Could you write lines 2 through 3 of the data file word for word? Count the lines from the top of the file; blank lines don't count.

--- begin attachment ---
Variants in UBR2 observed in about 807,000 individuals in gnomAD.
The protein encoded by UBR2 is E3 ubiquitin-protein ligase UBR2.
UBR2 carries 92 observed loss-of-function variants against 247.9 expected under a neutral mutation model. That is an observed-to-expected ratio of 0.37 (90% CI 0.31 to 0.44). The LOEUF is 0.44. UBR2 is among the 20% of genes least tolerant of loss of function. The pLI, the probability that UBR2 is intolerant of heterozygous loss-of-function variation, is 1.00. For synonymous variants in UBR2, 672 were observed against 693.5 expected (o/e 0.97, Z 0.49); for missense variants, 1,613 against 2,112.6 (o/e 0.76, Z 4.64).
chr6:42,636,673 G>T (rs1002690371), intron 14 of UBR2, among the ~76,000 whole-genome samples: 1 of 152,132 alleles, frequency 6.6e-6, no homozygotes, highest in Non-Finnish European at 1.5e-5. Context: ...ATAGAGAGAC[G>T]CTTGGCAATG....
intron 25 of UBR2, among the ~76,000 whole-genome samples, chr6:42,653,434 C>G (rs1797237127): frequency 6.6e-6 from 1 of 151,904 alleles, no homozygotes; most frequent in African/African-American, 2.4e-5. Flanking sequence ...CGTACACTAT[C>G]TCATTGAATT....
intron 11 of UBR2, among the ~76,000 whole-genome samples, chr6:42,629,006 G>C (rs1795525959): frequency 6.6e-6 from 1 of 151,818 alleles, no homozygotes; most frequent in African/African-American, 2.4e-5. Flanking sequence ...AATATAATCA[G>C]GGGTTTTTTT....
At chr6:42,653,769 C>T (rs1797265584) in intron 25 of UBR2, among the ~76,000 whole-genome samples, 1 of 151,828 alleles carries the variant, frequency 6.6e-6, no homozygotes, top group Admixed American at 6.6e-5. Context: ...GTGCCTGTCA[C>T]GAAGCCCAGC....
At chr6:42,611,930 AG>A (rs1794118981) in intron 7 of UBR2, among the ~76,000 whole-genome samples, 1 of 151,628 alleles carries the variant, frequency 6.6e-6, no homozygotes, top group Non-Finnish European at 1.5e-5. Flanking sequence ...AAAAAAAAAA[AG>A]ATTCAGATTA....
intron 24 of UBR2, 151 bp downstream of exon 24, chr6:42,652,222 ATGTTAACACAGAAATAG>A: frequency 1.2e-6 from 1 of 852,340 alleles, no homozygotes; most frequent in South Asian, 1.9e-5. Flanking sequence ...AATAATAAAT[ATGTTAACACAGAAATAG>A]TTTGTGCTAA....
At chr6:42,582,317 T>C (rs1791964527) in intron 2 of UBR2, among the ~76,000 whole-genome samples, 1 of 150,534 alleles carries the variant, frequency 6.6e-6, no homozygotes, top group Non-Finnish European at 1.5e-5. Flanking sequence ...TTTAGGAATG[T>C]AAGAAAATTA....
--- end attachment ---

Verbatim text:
The protein encoded by UBR2 is E3 ubiquitin-protein ligase UBR2.
UBR2 carries 92 observed loss-of-function variants against 247.9 expected under a neutral mutation model. That is an observed-to-expected ratio of 0.37 (90% CI 0.31 to 0.44). The LOEUF is 0.44. UBR2 is among the 20% of genes least tolerant of loss of function. The pLI, the probability that UBR2 is intolerant of heterozygous loss-of-function variation, is 1.00. For synonymous variants in UBR2, 672 were observed against 693.5 expected (o/e 0.97, Z 0.49); for missense variants, 1,613 against 2,112.6 (o/e 0.76, Z 4.64).